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Ophthalmic Images |

Posterior Polar Annular Choroidal Dystrophy Online Only

Devon H. Ghodasra, MD1; Cagri Besirli, MD, PhD1
[+] Author Affiliations
1Kellogg Eye Center, University of Michigan, Ann Arbor
JAMA Ophthalmol. 2015;133(12):e152148. doi:10.1001/jamaophthalmol.2015.2148.
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This case report describes a young boy with a history of a ruptured left globe and a lack of light perception in the left eye.

A young boy with a history of a ruptured left globe presented for evaluation of retinal atrophy in the right eye. He had no ocular concerns, and there was no family history of eye disease. His visual acuity was 20/40 OD by Snellen testing, and he had no light perception OS. He had a normal anterior segment in the right eye and enophthalmia and phthisis in the left eye. The findings on dilated fundus examination of the patient’s right eye are shown in the Figure. An ultrasonogram showed complex retinal detachment in the patient’s left eye. Electroretinographic rod, combined rod-cone, and cone responses of the right eye were highly reduced. The 32-Hz flicker response in the right eye showed a highly reduced amplitude and delayed peak implicit time. The findings on ophthalmologic examination were consistent with posterior polar annular choroidal dystrophy. Fundus examination findings of the patient’s mother showed no abnormalities in either eye. At a 6-month follow up appointment, the patient’s visual acuity and appearance of his right fundus were unchanged.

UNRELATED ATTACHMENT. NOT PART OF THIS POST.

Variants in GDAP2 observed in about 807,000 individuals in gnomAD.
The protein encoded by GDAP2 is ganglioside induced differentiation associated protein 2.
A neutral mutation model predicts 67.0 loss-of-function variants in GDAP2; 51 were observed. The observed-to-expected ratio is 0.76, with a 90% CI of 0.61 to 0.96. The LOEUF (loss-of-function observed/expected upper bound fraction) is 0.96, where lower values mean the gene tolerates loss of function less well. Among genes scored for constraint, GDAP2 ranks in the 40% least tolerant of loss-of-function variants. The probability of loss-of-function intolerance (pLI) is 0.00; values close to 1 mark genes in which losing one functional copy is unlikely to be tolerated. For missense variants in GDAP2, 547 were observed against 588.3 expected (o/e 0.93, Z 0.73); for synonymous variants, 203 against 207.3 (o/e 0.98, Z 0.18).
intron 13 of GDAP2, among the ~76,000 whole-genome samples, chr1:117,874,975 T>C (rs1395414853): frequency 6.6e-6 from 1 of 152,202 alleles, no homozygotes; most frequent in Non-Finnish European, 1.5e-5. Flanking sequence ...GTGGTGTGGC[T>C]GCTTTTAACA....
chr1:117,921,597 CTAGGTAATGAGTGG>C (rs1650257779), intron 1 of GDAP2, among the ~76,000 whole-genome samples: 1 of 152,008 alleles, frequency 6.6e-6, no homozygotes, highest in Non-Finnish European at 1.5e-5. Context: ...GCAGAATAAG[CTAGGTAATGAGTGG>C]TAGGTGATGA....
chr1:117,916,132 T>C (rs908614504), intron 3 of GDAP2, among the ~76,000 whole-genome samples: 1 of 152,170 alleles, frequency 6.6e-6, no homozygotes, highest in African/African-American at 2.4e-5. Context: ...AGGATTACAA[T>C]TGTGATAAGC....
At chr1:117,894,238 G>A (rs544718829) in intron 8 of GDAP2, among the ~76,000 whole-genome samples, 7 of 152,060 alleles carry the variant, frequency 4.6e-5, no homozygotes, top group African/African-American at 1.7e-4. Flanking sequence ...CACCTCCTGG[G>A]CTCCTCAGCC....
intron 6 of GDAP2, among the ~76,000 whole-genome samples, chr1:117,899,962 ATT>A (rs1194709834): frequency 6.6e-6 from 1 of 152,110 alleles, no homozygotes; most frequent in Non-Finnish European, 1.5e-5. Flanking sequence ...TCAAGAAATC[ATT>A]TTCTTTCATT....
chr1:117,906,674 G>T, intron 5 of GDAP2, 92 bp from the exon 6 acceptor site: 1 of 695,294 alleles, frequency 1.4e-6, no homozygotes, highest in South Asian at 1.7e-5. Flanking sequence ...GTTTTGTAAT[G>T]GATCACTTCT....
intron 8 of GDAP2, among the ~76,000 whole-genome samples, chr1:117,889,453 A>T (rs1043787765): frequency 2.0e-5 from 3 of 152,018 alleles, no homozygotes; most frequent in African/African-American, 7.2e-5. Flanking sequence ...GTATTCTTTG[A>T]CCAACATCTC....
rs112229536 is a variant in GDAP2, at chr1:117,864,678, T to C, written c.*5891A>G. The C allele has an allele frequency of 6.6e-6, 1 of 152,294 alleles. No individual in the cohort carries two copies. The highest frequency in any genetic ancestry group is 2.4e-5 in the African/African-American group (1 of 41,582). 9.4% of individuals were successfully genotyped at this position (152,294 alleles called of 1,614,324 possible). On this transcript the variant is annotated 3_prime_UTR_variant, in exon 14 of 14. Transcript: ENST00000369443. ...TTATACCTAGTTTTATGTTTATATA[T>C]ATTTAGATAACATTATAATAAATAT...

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Figure.

A, Fundus photograph of the patient’s right eye showing atrophy of the retinal pigment epithelium and choroid along the temporal arcades with preservation of the macula. B, Fluorescein angiography demonstrating normal filling of retinal vessels with window defects in areas of chorioretinal degeneration.

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